Send to

Choose Destination
Infect Immun. 2001 Jan;69(1):34-44.

Detection of bacterial virulence genes by subtractive hybridization: identification of capsular polysaccharide of Burkholderia pseudomallei as a major virulence determinant.

Author information

Department of Microbiology and Infectious Diseases, University of Calgary Health Sciences Center, Calgary, Alberta, Canada T2N 4N1.


Burkholderia pseudomallei, the etiologic agent of melioidosis, is responsible for a broad spectrum of illnesses in humans and animals particularly in Southeast Asia and northern Australia, where it is endemic. Burkholderia thailandensis is a nonpathogenic environmental organism closely related to B. pseudomallei. Subtractive hybridization was carried out between these two species to identify genes encoding virulence determinants in B. pseudomallei. Screening of the subtraction library revealed A-T-rich DNA sequences unique to B. pseudomallei, suggesting they may have been acquired by horizontal transfer. One of the subtraction clones, pDD1015, encoded a protein with homology to a glycosyltransferase from Pseudomonas aeruginosa. This gene was insertionally inactivated in wild-type B. pseudomallei to create SR1015. It was determined by enzyme-linked immunosorbent assay and immunoelectron microscopy that the inactivated gene was involved in the production of a major surface polysaccharide. The 50% lethal dose (LD(50)) for wild-type B. pseudomallei is <10 CFU; the LD(50) for SR1015 was determined to be 3.5 x 10(5) CFU, similar to that of B. thailandensis (6.8 x 10(5) CFU). DNA sequencing of the region flanking the glycosyltransferase gene revealed open reading frames similar to capsular polysaccharide genes in Haemophilus influenzae, Escherichia coli, and Neisseria meningitidis. In addition, DNA from Burkholderia mallei and Burkholderia stabilis hybridized to a glycosyltransferase fragment probe, and a capsular structure was identified on the surface of B. stabilis via immunoelectron microscopy. Thus, the combination of PCR-based subtractive hybridization, insertional inactivation, and animal virulence studies has facilitated the identification of an important virulence determinant in B. pseudomallei.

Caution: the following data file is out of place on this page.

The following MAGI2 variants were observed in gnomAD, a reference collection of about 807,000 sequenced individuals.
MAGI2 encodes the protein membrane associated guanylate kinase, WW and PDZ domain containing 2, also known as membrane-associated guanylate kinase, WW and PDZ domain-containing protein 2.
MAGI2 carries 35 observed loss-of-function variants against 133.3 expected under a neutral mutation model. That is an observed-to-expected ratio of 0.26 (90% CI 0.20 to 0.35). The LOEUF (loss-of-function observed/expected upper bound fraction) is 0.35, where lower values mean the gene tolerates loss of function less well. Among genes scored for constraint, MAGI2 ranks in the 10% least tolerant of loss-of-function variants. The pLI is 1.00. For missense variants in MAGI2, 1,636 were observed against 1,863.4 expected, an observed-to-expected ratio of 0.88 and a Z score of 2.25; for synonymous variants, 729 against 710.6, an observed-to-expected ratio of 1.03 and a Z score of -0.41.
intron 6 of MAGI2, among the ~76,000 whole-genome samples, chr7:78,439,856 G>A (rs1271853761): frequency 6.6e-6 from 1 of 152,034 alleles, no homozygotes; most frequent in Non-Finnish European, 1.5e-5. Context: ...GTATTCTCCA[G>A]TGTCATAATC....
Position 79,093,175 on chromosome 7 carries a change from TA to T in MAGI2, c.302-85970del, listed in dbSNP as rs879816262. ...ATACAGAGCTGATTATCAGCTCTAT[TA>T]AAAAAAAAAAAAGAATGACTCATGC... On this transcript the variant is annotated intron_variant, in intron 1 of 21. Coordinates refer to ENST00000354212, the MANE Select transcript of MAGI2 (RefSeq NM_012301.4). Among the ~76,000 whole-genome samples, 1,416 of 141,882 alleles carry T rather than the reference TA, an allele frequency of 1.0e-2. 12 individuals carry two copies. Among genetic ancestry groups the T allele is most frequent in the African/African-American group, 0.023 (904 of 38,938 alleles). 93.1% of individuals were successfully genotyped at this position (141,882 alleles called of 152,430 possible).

[Indexed for MEDLINE]
Free PMC Article

Supplemental Content

Full text links

Icon for HighWire Icon for PubMed Central
Loading ...
Support Center